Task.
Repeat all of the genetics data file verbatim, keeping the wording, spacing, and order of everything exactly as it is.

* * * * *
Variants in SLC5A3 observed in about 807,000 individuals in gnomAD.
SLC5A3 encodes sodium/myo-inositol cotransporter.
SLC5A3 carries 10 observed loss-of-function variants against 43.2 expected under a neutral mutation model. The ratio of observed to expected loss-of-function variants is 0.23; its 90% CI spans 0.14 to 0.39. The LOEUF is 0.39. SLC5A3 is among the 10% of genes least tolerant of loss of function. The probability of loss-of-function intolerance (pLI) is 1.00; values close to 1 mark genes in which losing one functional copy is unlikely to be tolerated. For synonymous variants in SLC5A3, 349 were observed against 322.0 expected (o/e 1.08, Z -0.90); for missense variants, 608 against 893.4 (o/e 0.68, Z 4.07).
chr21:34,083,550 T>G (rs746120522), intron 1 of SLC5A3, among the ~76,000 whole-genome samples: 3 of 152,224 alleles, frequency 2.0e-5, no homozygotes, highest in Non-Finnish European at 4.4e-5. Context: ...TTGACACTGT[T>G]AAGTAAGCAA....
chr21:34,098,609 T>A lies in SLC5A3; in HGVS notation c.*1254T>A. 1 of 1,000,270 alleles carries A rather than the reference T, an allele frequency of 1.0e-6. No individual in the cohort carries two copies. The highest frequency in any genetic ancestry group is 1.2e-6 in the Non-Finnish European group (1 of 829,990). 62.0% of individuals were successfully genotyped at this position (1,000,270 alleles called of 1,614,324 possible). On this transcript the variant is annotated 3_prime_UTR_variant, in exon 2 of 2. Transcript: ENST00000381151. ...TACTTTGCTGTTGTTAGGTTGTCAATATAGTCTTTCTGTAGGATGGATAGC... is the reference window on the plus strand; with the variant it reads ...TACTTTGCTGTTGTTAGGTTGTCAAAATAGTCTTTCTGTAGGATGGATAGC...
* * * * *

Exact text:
Variants in SLC5A3 observed in about 807,000 individuals in gnomAD.
SLC5A3 encodes sodium/myo-inositol cotransporter.
SLC5A3 carries 10 observed loss-of-function variants against 43.2 expected under a neutral mutation model. The ratio of observed to expected loss-of-function variants is 0.23; its 90% CI spans 0.14 to 0.39. The LOEUF is 0.39. SLC5A3 is among the 10% of genes least tolerant of loss of function. The probability of loss-of-function intolerance (pLI) is 1.00; values close to 1 mark genes in which losing one functional copy is unlikely to be tolerated. For synonymous variants in SLC5A3, 349 were observed against 322.0 expected (o/e 1.08, Z -0.90); for missense variants, 608 against 893.4 (o/e 0.68, Z 4.07).
chr21:34,083,550 T>G (rs746120522), intron 1 of SLC5A3, among the ~76,000 whole-genome samples: 3 of 152,224 alleles, frequency 2.0e-5, no homozygotes, highest in Non-Finnish European at 4.4e-5. Context: ...TTGACACTGT[T>G]AAGTAAGCAA....
chr21:34,098,609 T>A lies in SLC5A3; in HGVS notation c.*1254T>A. 1 of 1,000,270 alleles carries A rather than the reference T, an allele frequency of 1.0e-6. No individual in the cohort carries two copies. The highest frequency in any genetic ancestry group is 1.2e-6 in the Non-Finnish European group (1 of 829,990). 62.0% of individuals were successfully genotyped at this position (1,000,270 alleles called of 1,614,324 possible). On this transcript the variant is annotated 3_prime_UTR_variant, in exon 2 of 2. Transcript: ENST00000381151. ...TACTTTGCTGTTGTTAGGTTGTCAATATAGTCTTTCTGTAGGATGGATAGC... is the reference window on the plus strand; with the variant it reads ...TACTTTGCTGTTGTTAGGTTGTCAAAATAGTCTTTCTGTAGGATGGATAGC...